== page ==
Last season’s trade of former NBA #1 pick, Andrew Bogut, has set in full motion what seems to be a re-shaping of the team around Brandon Jennings. Monta Ellis gave him a dynamic backcourt partner, and there is a nice group of young talent with some potential. Obviously, the loss of Bogut left a hole at the center position, though without him there, the options available to the Bucks are substantial in shaping the direction of the team’s style of play and personnel. The player the Bucks take at #12 could give us a clue to see what their direction will be. Let’s look at some of the Bucks’ options:
2011-2012 Record – 31-35 (3rd in Central Division, Eastern Conference)
Head Coach – Scott Skiles
2-year Draft History
2011 – Jimmer Fredette (1st Round – 10th – Traded to Sacramento as part of a 3-team deal with Charlotte for Beno Udrih, Stephen Jackson, Shaun Livingston and the draft rights to 19th pick), Jon Leuer (2nd Round – 40th)
2010 – Larry Sanders (1st Round – 15th), Darington Hobson (2nd Round – 37th), Jerome Jordan (2nd round – 44th – Traded to New York Knicks for cash considerations), Tiny Gallon (2nd round – 47th)
Returning Players- Monta Ellis (SG), Beno Udrih (PG), Drew Gooden (PF), Luc Mbah a Moute (SF), Mike Dunleavy (SG), Shaun Livingston (PG – Team Option), Ekpe Udoh (PF), Brandon Jennings (PG), Larry Sanders (PF), Tobias Harris (SF), Jon Brockman (PF), Jon Leuer (SF – Team Option)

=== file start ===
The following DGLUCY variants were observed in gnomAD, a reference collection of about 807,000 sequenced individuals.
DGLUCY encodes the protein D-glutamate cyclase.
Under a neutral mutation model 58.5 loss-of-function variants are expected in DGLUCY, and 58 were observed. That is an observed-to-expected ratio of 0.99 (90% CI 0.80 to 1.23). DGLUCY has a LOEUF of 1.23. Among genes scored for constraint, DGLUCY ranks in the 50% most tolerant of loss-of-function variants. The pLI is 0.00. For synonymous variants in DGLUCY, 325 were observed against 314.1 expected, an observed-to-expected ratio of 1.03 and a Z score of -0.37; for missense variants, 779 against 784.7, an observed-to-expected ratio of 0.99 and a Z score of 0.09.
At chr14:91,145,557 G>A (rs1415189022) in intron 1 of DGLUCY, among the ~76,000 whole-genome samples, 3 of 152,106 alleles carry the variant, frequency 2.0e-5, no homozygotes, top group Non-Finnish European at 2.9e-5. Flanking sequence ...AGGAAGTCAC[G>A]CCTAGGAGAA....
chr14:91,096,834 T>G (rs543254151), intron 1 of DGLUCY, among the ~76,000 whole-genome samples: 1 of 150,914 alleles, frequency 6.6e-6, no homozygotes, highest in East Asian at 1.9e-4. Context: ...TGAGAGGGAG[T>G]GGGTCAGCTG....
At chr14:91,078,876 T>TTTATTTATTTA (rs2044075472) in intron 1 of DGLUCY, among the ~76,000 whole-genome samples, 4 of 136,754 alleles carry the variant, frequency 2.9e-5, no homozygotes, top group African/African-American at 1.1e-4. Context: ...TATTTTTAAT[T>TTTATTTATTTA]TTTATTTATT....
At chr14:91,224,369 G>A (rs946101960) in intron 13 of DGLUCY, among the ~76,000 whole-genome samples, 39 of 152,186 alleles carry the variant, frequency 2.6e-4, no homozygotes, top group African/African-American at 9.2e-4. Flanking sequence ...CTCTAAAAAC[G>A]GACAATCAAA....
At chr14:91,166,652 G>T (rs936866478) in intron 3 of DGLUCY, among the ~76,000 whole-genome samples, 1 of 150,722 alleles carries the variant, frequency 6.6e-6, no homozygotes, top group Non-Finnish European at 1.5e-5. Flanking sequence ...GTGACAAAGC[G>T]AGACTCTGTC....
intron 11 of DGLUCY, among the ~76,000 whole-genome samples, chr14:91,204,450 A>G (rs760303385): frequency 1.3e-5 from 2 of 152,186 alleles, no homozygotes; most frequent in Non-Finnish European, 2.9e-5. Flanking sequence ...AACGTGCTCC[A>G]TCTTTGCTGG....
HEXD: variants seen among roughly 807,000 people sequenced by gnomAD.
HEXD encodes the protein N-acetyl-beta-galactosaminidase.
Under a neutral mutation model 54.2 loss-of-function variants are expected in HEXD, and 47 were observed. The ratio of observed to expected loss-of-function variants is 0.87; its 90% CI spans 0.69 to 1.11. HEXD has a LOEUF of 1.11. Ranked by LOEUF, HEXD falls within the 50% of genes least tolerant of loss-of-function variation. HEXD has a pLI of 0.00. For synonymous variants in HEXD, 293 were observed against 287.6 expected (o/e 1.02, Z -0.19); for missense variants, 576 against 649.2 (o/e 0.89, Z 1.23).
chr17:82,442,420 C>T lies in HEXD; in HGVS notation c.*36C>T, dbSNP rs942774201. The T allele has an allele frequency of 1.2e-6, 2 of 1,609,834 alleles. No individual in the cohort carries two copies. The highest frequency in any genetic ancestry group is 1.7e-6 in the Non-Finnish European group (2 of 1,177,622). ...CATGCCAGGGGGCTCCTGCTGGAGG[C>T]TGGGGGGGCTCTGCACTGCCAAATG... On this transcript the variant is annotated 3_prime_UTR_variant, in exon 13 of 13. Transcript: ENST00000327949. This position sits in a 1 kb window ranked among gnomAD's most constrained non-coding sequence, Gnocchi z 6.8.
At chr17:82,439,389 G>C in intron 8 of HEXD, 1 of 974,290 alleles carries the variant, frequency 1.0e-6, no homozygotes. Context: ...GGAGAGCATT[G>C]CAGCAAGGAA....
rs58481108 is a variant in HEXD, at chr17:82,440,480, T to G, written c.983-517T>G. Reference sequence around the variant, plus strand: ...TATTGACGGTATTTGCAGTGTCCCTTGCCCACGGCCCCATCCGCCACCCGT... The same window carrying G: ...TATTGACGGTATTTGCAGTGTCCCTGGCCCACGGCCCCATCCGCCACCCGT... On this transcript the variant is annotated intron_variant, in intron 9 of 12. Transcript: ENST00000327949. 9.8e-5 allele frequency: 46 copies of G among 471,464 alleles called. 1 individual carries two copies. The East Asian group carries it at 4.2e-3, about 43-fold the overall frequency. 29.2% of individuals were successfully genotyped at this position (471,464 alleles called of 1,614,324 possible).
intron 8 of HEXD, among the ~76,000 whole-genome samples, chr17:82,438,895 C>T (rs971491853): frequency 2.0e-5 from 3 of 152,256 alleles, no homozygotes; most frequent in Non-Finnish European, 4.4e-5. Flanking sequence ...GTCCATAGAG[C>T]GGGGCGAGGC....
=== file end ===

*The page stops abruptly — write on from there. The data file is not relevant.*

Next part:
Team Needs- Post players (Scoring, Rebounding, Defense), Perimeter shooting, Perimeter defenders,
Position Needs –SG, PF, C
Picks – #12 (1st Round, Pick 12)
#42 (2nd Round, Pick 12)
NBA Draft Blog Analysis
The trade last season of Andrew Bogut, which netted Monta Ellis among others, has left the middle a big area of need for the Bucks. At #12, they should have their choice of a few players who would satisfy this, if they choose to address it. Tyler Zeller is a skilled big man on both ends of the floor. He is capable of working in the post or hitting 15-18 foot jumpers, letting him play in the high post at times or in pick-and-pop situations. While his defense isn’t as polished as his offense, he knows how to position himself and use his body to negate any disadvantage. A strong rebounder on both ends, what differentiates Zeller from most big men is his ability to run the floor and finish in transition, both of which should mesh well with a team that features Brandon Jennings and Ellis in the backcourt. The other option for a center here is Meyers Leonard. Leonard, who left after his sophomore year, is still developing his play on both ends of the court, but did show a lot of progress in between years in college. He is athletic, but also has the ability to power his way to the basket. There were serious questions about his attitude on the court in college, so hopefully, he has matured in that aspect as well. The differences between the players will make the difference if the choice is between these two. Zeller is mature and ready to play right away, but he may be close to maxed out in terms of his game development. Leonard is just starting to really develop as a player, but he may not be ready for a significant role for a few seasons, and whether his development continues as it was will be a big question mark. In my view, Zeller would be the better choice and would be available to step in immediately and play a big role.